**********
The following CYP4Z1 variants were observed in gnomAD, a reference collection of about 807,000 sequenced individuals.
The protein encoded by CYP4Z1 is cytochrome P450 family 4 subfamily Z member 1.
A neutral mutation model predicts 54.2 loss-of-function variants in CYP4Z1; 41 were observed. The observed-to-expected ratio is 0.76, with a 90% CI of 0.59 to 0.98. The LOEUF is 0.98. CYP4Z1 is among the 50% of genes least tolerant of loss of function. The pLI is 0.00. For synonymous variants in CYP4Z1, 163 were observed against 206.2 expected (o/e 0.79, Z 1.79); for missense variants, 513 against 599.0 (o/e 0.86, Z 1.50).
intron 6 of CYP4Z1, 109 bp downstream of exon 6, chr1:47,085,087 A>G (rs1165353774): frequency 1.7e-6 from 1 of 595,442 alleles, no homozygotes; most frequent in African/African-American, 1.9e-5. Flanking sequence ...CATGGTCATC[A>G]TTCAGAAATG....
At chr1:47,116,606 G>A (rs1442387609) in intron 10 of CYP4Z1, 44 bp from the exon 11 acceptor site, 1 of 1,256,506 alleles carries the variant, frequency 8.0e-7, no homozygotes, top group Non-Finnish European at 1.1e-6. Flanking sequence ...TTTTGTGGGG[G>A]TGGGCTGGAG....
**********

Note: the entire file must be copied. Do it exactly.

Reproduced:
The following CYP4Z1 variants were observed in gnomAD, a reference collection of about 807,000 sequenced individuals.
The protein encoded by CYP4Z1 is cytochrome P450 family 4 subfamily Z member 1.
A neutral mutation model predicts 54.2 loss-of-function variants in CYP4Z1; 41 were observed. The observed-to-expected ratio is 0.76, with a 90% CI of 0.59 to 0.98. The LOEUF is 0.98. CYP4Z1 is among the 50% of genes least tolerant of loss of function. The pLI is 0.00. For synonymous variants in CYP4Z1, 163 were observed against 206.2 expected (o/e 0.79, Z 1.79); for missense variants, 513 against 599.0 (o/e 0.86, Z 1.50).
intron 6 of CYP4Z1, 109 bp downstream of exon 6, chr1:47,085,087 A>G (rs1165353774): frequency 1.7e-6 from 1 of 595,442 alleles, no homozygotes; most frequent in African/African-American, 1.9e-5. Flanking sequence ...CATGGTCATC[A>G]TTCAGAAATG....
At chr1:47,116,606 G>A (rs1442387609) in intron 10 of CYP4Z1, 44 bp from the exon 11 acceptor site, 1 of 1,256,506 alleles carries the variant, frequency 8.0e-7, no homozygotes, top group Non-Finnish European at 1.1e-6. Flanking sequence ...TTTTGTGGGG[G>A]TGGGCTGGAG....